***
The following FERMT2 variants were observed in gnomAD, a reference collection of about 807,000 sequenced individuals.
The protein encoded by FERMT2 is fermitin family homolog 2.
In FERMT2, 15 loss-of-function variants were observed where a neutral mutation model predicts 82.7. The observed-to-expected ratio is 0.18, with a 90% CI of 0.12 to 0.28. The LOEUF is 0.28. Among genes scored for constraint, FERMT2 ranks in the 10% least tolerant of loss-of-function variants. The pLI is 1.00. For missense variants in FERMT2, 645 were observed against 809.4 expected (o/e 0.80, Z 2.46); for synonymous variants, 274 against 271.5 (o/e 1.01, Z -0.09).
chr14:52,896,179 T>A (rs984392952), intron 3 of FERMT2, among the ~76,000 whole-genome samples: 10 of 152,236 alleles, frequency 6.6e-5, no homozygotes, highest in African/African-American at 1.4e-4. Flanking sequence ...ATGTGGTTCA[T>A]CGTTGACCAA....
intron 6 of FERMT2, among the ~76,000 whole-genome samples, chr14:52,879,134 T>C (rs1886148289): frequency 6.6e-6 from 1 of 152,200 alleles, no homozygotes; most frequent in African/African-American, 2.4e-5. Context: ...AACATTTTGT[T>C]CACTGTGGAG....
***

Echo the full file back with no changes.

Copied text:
The following FERMT2 variants were observed in gnomAD, a reference collection of about 807,000 sequenced individuals.
The protein encoded by FERMT2 is fermitin family homolog 2.
In FERMT2, 15 loss-of-function variants were observed where a neutral mutation model predicts 82.7. The observed-to-expected ratio is 0.18, with a 90% CI of 0.12 to 0.28. The LOEUF is 0.28. Among genes scored for constraint, FERMT2 ranks in the 10% least tolerant of loss-of-function variants. The pLI is 1.00. For missense variants in FERMT2, 645 were observed against 809.4 expected (o/e 0.80, Z 2.46); for synonymous variants, 274 against 271.5 (o/e 1.01, Z -0.09).
chr14:52,896,179 T>A (rs984392952), intron 3 of FERMT2, among the ~76,000 whole-genome samples: 10 of 152,236 alleles, frequency 6.6e-5, no homozygotes, highest in African/African-American at 1.4e-4. Flanking sequence ...ATGTGGTTCA[T>A]CGTTGACCAA....
intron 6 of FERMT2, among the ~76,000 whole-genome samples, chr14:52,879,134 T>C (rs1886148289): frequency 6.6e-6 from 1 of 152,200 alleles, no homozygotes; most frequent in African/African-American, 2.4e-5. Context: ...AACATTTTGT[T>C]CACTGTGGAG....